In the last five years, I have interviewed hundreds of women in developing countries regarding their access to reproductive health care. To the best of my knowledge, President Bush has not.
I would expect to be in disagreement with his administration's often demonstrably unscientific approach to family planning. However, President Bush's claim this week that giving poor women access to contraceptives promotes abortion defies logic. In a policy statement released by the office of the president on June 19 the administration has declared the president's intent to veto a bill authorizing foreign aid for family planning programs, because, according to the statement, the bill would be contrary to the administration's Mexico City Policy (also known colloquially as the "Global Gag Rule").
The administration's analysis of this issue is not only fundamentally flawed, it is also dangerous. Here's why. The Global Gag Rule restricts U.S. foreign aid to non-U.S. based organizations that (with non-U.S. funds) provide legal voluntary abortion services or advocate for less restrictive abortion laws within their country.
The Global Gag Rule is not about whether U.S. foreign aid is used to fund legal abortion services directly -- such funding has been illegal since 1973. That is, the Global Gag Rule expressly denies funding to organizations who even with their own alternative funding refuse to be silent on the devastating consequences of the criminalization of abortion on the lives of women or who simply provide reproductive health services that are fully legal.
A brief history of the Global Gag Rule is that it was first enacted by the Reagan administration; was repealed by the Clinton administration in 1993; was reintroduced by Congress in the foreign aid appropriations act (with a waiver system) in 2000, and was fully reinstated by President Bush as one of his first acts of government in January 2001.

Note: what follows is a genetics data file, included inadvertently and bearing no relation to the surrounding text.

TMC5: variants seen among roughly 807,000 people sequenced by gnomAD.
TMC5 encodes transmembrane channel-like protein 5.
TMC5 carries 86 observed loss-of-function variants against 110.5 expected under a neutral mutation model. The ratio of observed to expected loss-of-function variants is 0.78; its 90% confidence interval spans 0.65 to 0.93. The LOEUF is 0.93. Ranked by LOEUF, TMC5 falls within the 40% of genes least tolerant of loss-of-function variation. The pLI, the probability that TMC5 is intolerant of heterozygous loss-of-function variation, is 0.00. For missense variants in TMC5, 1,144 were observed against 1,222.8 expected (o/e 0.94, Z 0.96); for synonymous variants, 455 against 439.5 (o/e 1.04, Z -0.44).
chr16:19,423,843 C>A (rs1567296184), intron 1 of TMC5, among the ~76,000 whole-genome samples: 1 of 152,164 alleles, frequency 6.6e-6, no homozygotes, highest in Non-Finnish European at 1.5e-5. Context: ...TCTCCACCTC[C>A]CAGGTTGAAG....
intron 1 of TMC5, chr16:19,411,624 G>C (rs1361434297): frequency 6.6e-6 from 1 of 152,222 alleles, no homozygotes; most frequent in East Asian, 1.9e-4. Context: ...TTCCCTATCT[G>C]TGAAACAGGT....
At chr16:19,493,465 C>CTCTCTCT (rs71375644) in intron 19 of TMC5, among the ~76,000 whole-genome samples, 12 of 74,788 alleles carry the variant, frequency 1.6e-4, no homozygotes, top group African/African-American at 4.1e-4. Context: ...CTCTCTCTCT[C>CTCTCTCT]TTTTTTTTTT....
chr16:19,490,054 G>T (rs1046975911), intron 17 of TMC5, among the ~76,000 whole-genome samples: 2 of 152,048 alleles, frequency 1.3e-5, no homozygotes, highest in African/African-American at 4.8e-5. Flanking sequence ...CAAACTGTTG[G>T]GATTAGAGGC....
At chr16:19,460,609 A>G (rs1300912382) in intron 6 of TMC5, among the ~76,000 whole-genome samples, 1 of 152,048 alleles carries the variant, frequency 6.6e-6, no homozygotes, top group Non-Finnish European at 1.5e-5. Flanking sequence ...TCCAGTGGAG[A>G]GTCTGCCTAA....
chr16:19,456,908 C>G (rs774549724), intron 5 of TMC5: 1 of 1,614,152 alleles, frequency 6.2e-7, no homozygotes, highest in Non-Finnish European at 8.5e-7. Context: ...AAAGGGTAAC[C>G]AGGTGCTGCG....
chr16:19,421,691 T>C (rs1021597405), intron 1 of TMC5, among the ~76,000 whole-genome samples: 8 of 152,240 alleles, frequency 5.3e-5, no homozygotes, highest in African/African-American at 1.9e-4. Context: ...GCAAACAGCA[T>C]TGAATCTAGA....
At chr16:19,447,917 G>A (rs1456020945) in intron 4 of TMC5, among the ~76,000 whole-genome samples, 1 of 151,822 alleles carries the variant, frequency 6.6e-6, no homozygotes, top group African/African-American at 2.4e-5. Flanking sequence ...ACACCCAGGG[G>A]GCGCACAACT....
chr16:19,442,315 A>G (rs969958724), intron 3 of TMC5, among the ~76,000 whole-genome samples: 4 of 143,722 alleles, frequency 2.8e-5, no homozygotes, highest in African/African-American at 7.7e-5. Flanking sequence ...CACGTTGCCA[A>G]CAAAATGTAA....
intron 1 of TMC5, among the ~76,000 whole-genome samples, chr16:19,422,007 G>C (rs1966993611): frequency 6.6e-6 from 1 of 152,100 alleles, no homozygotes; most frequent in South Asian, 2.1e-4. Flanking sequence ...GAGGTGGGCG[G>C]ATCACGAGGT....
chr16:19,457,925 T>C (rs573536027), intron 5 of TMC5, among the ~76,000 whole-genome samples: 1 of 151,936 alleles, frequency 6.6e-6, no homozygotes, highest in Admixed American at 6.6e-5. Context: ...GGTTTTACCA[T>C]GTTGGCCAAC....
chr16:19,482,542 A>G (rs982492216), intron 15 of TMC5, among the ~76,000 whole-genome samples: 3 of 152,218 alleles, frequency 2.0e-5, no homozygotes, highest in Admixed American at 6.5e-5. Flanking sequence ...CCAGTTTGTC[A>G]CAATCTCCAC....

The local health providing organizations de-funded by the Global Gag Rule (those who refuse to be "gagged") often give services spanning the full spectrum of family planning: information on contraceptive methods, youth counseling to postpone sexual initiation and prevent adolescent pregnancies, as well as the provision of condoms, diaphragms, and hormonal contraception.
Rather than preventing abortion, the real effect of the Global Gag Rule has therefore been a drop in access to reproductive health services, information, and modern contraceptive methods. These are all services primarily to women that have been proven to bring down the number of crisis pregnancies, and therefore abortions.
In short, the Global Gag Rule is bad foreign policy and bad for women.
The foreign aid bill President Bush is now threatening to veto contains a provision stating that organizations who apply for U.S. foreign aid cannot be denied funding specifically destined for the provision of contraceptives solely on the basis of the Global Gag Rule.
With this provision, Congress seems to be saying that improving access to contraceptives might give poor women a better chance to avoid using-often unsafe-abortion as their only means of family planning.
With his promised veto, President Bush is saying the opposite: that contraceptives promote abortion.
President Bush should explain this twisted logic to the many women and adolescents who -- as a result of this administration's sustained war on family planning and scientifically based health information -- will face unsafe abortion, lasting health consequences from early pregnancies, and even possible death. President Bush would certainly benefit from contact with the millions of people his policies affect.